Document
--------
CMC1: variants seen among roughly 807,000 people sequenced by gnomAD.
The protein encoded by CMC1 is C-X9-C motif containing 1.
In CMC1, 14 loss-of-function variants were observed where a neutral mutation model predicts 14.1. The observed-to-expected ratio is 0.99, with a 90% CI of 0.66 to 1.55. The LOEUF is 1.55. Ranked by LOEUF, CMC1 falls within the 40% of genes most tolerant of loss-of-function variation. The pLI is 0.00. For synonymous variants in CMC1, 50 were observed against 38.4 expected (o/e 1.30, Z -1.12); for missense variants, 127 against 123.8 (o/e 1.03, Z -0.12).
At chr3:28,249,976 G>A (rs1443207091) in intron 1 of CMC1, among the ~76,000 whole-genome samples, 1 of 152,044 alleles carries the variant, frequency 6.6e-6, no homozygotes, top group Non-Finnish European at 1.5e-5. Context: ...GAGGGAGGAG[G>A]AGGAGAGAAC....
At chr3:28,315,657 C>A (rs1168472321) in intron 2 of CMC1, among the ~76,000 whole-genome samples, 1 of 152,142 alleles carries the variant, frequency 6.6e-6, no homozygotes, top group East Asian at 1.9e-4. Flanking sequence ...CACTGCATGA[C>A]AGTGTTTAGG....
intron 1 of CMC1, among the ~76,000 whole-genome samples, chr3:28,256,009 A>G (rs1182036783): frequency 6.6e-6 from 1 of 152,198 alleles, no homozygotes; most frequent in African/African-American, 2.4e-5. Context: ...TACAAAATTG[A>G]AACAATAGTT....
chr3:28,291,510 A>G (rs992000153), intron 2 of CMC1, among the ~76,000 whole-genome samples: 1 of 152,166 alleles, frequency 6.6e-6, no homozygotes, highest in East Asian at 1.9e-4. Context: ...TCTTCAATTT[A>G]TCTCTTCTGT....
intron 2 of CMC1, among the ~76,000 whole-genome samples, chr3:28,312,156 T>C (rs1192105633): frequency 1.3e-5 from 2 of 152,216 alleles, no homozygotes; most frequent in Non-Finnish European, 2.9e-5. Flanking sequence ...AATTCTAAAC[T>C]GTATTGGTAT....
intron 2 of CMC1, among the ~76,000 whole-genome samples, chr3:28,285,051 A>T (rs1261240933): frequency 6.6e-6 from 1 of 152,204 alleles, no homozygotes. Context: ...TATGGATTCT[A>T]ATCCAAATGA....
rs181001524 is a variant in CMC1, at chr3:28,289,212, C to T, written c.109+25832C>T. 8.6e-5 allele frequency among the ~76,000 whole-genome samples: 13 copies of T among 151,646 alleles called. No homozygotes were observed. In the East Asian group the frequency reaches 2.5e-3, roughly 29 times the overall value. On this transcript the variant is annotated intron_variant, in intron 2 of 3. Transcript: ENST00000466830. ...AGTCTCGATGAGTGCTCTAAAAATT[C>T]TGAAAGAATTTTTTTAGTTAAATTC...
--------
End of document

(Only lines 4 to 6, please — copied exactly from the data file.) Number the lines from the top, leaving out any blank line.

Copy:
At chr3:28,249,976 G>A (rs1443207091) in intron 1 of CMC1, among the ~76,000 whole-genome samples, 1 of 152,044 alleles carries the variant, frequency 6.6e-6, no homozygotes, top group Non-Finnish European at 1.5e-5. Context: ...GAGGGAGGAG[G>A]AGGAGAGAAC....
At chr3:28,315,657 C>A (rs1168472321) in intron 2 of CMC1, among the ~76,000 whole-genome samples, 1 of 152,142 alleles carries the variant, frequency 6.6e-6, no homozygotes, top group East Asian at 1.9e-4. Flanking sequence ...CACTGCATGA[C>A]AGTGTTTAGG....
intron 1 of CMC1, among the ~76,000 whole-genome samples, chr3:28,256,009 A>G (rs1182036783): frequency 6.6e-6 from 1 of 152,198 alleles, no homozygotes; most frequent in African/African-American, 2.4e-5. Context: ...TACAAAATTG[A>G]AACAATAGTT....